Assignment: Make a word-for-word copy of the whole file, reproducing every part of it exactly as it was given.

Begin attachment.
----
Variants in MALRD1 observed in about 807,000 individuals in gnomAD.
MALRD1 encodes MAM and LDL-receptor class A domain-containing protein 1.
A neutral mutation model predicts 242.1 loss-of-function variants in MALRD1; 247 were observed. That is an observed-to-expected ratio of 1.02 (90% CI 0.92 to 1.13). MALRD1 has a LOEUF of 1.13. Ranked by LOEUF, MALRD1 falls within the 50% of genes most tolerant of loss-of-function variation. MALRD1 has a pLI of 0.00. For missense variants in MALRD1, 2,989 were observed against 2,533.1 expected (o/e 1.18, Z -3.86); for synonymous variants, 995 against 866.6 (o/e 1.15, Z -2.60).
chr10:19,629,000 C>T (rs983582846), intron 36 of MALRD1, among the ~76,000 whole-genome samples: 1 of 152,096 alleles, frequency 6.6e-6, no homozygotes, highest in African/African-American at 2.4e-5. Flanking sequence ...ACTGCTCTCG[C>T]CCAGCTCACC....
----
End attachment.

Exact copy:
Variants in MALRD1 observed in about 807,000 individuals in gnomAD.
MALRD1 encodes MAM and LDL-receptor class A domain-containing protein 1.
A neutral mutation model predicts 242.1 loss-of-function variants in MALRD1; 247 were observed. That is an observed-to-expected ratio of 1.02 (90% CI 0.92 to 1.13). MALRD1 has a LOEUF of 1.13. Ranked by LOEUF, MALRD1 falls within the 50% of genes most tolerant of loss-of-function variation. MALRD1 has a pLI of 0.00. For missense variants in MALRD1, 2,989 were observed against 2,533.1 expected (o/e 1.18, Z -3.86); for synonymous variants, 995 against 866.6 (o/e 1.15, Z -2.60).
chr10:19,629,000 C>T (rs983582846), intron 36 of MALRD1, among the ~76,000 whole-genome samples: 1 of 152,096 alleles, frequency 6.6e-6, no homozygotes, highest in African/African-American at 2.4e-5. Flanking sequence ...ACTGCTCTCG[C>T]CCAGCTCACC....